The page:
Respondents: Businesspeople in Japan (Executives, life-time or contract employees of Japanese corporates.)
Sample size: N=1696
Survey period: 2020/05/01-08
Survey method: online survey
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AT A GLANCE
- Due to the COVID-19, almost 40% of businesspeople in Japan have experienced remote work at least 3 days a week (with over 20% who did so every day)
- Younger Japanese have high hopes for the freer, more diverse and creative culture that remote work brings, but there are also concerns for the dilution of the company’ s vision and culture.
- Views on productivity are mixed, but remote work itself is welcome.
- In the future, 3 out of 10 businesspeople want to work remotely at least 3 times a week.
Ⅰ. Due to COVID-19, almost 40% of businesspeople in Japan experienced remote work at least 3 days a week (including 20% who did so every day).
During the partial lockdown that accompanied countermeasures against the Novel Coronavirus, businespeople who experienced remote work (*1) “Practically Every Day” (22.1%) or “3 to 4 Days a Week” (15.3%) add up to almost 40% who experienced remote work over 3 days a week (37.4%).
Considering that in 2019 only 4.8% of the workforce had experienced remote work at least 3 days a week, remote suddenly emerging as mainstream is an abrupt switch in Japan.
Digging deeper into the data, we nd that the transition to remote working is uneven, with considerable variation across companies, industry, and region. This analysis focuses on data points for remote work “Practically Every Day” .
“ During the partial lockdown, 40% of the Japanese workforce
experienced remote work at least 3 days…versus 4.8% in 2019.
Considering that, this giant remote work experiment is
an abrupt switch. ”
The larger the company the more extensive the use of remote work.
During this period, looking at remote work adoption by company size shows that the larger the company the more extensive the use of remote work. With businesses under 50 employees at 14%, companies over 3000 employees were at 30.1%, or more than double.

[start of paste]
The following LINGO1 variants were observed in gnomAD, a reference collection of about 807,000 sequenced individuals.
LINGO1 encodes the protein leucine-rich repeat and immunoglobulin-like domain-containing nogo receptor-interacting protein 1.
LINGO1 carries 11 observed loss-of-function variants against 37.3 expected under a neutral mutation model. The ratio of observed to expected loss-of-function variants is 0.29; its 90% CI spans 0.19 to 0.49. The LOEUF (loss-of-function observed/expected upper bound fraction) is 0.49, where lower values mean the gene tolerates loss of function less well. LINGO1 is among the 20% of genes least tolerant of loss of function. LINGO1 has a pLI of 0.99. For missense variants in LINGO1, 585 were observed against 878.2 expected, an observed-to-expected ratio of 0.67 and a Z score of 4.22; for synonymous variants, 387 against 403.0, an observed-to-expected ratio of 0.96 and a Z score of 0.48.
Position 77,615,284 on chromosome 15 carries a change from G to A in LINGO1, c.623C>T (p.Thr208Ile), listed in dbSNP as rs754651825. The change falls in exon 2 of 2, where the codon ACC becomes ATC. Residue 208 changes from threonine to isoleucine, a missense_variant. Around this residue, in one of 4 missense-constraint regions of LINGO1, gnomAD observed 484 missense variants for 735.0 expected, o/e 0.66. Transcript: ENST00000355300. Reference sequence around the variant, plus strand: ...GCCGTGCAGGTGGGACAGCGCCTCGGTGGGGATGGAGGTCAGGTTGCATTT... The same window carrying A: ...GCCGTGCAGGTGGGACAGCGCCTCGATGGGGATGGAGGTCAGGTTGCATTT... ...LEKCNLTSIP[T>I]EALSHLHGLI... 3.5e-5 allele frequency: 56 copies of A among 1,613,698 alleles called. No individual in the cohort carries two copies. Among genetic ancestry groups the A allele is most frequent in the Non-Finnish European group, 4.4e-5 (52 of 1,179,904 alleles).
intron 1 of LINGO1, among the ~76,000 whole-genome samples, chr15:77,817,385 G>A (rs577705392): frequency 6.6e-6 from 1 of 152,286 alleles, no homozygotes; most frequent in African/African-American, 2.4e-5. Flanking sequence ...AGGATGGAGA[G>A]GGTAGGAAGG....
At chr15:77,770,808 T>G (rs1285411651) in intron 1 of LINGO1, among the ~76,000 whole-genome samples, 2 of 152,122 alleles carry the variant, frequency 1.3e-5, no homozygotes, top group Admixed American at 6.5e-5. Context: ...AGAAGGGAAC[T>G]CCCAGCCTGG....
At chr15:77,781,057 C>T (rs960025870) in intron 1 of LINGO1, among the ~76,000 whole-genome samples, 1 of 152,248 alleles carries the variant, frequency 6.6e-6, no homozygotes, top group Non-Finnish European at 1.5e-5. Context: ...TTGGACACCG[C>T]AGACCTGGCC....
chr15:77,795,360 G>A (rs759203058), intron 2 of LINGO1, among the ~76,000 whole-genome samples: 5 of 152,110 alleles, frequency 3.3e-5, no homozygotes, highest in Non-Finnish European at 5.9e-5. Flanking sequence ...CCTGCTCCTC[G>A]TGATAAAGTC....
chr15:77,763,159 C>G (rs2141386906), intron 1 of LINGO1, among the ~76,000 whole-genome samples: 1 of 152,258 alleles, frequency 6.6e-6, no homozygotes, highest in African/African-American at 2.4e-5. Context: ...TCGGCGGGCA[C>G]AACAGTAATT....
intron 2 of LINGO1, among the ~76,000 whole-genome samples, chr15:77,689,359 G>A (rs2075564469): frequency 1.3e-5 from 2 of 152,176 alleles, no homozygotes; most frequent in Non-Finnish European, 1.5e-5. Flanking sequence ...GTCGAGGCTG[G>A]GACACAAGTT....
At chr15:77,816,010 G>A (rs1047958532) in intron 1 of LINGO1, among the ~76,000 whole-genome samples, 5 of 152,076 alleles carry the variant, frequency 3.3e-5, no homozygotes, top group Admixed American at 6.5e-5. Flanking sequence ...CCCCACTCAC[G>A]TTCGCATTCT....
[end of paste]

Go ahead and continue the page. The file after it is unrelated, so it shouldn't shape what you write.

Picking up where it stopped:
Depending on the industry, significant differences arise.
While 42.8% of tech companies have worked remotely during this period, those involved in Health / Welfare or Transport / Logistics were much fewer, at 7.3% and 5.2% respectively.
The transition to remote work occurred mainly in Kanto and Kinki region.
Indeed, during this period, over 30% of people in Kanto worked remotely, while only 20% did so in the Kinki region, only about 10% in the Hokkaido/Tohoku and Chubu/Hokuriku regions, and less than 10% in the Chugoku/Shikoku and Kyushu/Okinawa regions.
With 40% of the workforce taking part in this remote-work experiment, it’s worth asking the question – how do people feel about it?
Ⅱ. Younger people have high hopes for the freer, more diverse and creative culture that remote work brings, but there are also concerns for the dilution of the company’s vision and culture.
Reduced commuting and better work-life balance acknowledged as key benefits, regardless of age.
The time and material advantages of remote work, like increased productivity from reduced commuting or more balance with childcare and nursing duties, gather the support of over half the businesspeople across generations.
If we look at generational dierences, Millennials overwhelmingly think that “without commuting time, work productivity increases” (64.9%). Also, the idea that “there is more balance with childcare and nursing duties” gets more present with age, with the highest tendency among the Bubble Generation (73.7%).
The denition of each generation (*2) are as follows: Generation Z is under 25 years old; 26 to 40 years old are Millennials, 41 to 49 are the second-wave baby boomers (Junior Boomers), people over 50 years old are the Bubble Generation.
“ Generation Z outstandingly believe that “remote
work makes workers more creative” (53.3%), but only under
half of the other generations agrees. ”
Younger employees see remote work as an opportunity to improve creativity and diversity in the workplace.